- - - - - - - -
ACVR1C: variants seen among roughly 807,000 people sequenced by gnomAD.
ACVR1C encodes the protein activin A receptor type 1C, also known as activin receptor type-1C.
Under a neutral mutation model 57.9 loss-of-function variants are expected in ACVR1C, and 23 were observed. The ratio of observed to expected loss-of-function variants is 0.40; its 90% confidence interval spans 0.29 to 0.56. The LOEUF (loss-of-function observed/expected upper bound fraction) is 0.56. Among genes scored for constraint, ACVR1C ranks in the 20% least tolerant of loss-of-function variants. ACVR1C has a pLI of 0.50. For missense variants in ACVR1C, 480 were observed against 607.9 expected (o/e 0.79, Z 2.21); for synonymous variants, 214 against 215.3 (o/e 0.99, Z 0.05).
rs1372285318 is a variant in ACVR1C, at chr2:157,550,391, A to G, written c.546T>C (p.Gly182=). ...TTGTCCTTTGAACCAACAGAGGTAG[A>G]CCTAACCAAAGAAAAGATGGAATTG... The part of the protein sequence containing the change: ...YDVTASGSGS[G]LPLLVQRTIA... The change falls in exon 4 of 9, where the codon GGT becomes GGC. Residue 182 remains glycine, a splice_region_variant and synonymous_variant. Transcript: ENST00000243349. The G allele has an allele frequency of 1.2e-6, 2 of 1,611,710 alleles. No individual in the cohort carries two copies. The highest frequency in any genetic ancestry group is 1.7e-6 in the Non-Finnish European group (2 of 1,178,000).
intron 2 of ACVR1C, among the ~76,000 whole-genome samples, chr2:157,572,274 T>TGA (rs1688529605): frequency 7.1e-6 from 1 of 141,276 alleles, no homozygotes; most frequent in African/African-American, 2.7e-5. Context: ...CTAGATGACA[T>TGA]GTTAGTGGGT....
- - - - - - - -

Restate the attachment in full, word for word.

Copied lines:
ACVR1C: variants seen among roughly 807,000 people sequenced by gnomAD.
ACVR1C encodes the protein activin A receptor type 1C, also known as activin receptor type-1C.
Under a neutral mutation model 57.9 loss-of-function variants are expected in ACVR1C, and 23 were observed. The ratio of observed to expected loss-of-function variants is 0.40; its 90% confidence interval spans 0.29 to 0.56. The LOEUF (loss-of-function observed/expected upper bound fraction) is 0.56. Among genes scored for constraint, ACVR1C ranks in the 20% least tolerant of loss-of-function variants. ACVR1C has a pLI of 0.50. For missense variants in ACVR1C, 480 were observed against 607.9 expected (o/e 0.79, Z 2.21); for synonymous variants, 214 against 215.3 (o/e 0.99, Z 0.05).
rs1372285318 is a variant in ACVR1C, at chr2:157,550,391, A to G, written c.546T>C (p.Gly182=). ...TTGTCCTTTGAACCAACAGAGGTAG[A>G]CCTAACCAAAGAAAAGATGGAATTG... The part of the protein sequence containing the change: ...YDVTASGSGS[G]LPLLVQRTIA... The change falls in exon 4 of 9, where the codon GGT becomes GGC. Residue 182 remains glycine, a splice_region_variant and synonymous_variant. Transcript: ENST00000243349. The G allele has an allele frequency of 1.2e-6, 2 of 1,611,710 alleles. No individual in the cohort carries two copies. The highest frequency in any genetic ancestry group is 1.7e-6 in the Non-Finnish European group (2 of 1,178,000).
intron 2 of ACVR1C, among the ~76,000 whole-genome samples, chr2:157,572,274 T>TGA (rs1688529605): frequency 7.1e-6 from 1 of 141,276 alleles, no homozygotes; most frequent in African/African-American, 2.7e-5. Context: ...CTAGATGACA[T>TGA]GTTAGTGGGT....